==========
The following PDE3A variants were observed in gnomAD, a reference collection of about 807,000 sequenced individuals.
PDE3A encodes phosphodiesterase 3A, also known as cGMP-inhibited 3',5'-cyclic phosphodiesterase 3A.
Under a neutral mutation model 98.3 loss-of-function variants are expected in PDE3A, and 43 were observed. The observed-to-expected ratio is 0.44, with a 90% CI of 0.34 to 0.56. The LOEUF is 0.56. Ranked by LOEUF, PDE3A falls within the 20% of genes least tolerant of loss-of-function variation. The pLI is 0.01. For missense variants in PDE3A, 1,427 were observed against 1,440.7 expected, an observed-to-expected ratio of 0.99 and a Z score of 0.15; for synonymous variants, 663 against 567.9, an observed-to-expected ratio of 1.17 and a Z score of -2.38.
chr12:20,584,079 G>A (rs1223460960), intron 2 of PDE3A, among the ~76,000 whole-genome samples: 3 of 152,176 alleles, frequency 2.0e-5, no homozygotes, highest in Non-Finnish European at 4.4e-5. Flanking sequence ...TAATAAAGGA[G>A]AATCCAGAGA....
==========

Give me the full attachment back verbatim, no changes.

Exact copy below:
The following PDE3A variants were observed in gnomAD, a reference collection of about 807,000 sequenced individuals.
PDE3A encodes phosphodiesterase 3A, also known as cGMP-inhibited 3',5'-cyclic phosphodiesterase 3A.
Under a neutral mutation model 98.3 loss-of-function variants are expected in PDE3A, and 43 were observed. The observed-to-expected ratio is 0.44, with a 90% CI of 0.34 to 0.56. The LOEUF is 0.56. Ranked by LOEUF, PDE3A falls within the 20% of genes least tolerant of loss-of-function variation. The pLI is 0.01. For missense variants in PDE3A, 1,427 were observed against 1,440.7 expected, an observed-to-expected ratio of 0.99 and a Z score of 0.15; for synonymous variants, 663 against 567.9, an observed-to-expected ratio of 1.17 and a Z score of -2.38.
chr12:20,584,079 G>A (rs1223460960), intron 2 of PDE3A, among the ~76,000 whole-genome samples: 3 of 152,176 alleles, frequency 2.0e-5, no homozygotes, highest in Non-Finnish European at 4.4e-5. Flanking sequence ...TAATAAAGGA[G>A]AATCCAGAGA....